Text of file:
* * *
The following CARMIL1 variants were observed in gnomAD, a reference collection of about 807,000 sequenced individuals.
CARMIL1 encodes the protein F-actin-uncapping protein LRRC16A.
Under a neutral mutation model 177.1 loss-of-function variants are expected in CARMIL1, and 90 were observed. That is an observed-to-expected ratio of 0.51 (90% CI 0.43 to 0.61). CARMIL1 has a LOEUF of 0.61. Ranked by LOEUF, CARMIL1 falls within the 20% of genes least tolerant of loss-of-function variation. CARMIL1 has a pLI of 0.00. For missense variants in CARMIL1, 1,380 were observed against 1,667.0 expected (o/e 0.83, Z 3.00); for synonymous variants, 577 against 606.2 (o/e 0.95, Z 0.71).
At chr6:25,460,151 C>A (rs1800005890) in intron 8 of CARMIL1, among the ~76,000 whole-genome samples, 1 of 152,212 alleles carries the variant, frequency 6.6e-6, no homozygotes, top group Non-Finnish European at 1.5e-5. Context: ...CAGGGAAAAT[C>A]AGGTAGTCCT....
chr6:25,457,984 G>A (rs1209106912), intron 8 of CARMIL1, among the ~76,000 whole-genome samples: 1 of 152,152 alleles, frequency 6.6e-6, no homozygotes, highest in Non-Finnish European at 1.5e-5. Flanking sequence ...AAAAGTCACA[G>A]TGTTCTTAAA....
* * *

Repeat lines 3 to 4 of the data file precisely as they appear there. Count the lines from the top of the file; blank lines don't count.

Under a neutral mutation model 177.1 loss-of-function variants are expected in CARMIL1, and 90 were observed. That is an observed-to-expected ratio of 0.51 (90% CI 0.43 to 0.61). CARMIL1 has a LOEUF of 0.61. Ranked by LOEUF, CARMIL1 falls within the 20% of genes least tolerant of loss-of-function variation. CARMIL1 has a pLI of 0.00. For missense variants in CARMIL1, 1,380 were observed against 1,667.0 expected (o/e 0.83, Z 3.00); for synonymous variants, 577 against 606.2 (o/e 0.95, Z 0.71).
At chr6:25,460,151 C>A (rs1800005890) in intron 8 of CARMIL1, among the ~76,000 whole-genome samples, 1 of 152,212 alleles carries the variant, frequency 6.6e-6, no homozygotes, top group Non-Finnish European at 1.5e-5. Context: ...CAGGGAAAAT[C>A]AGGTAGTCCT....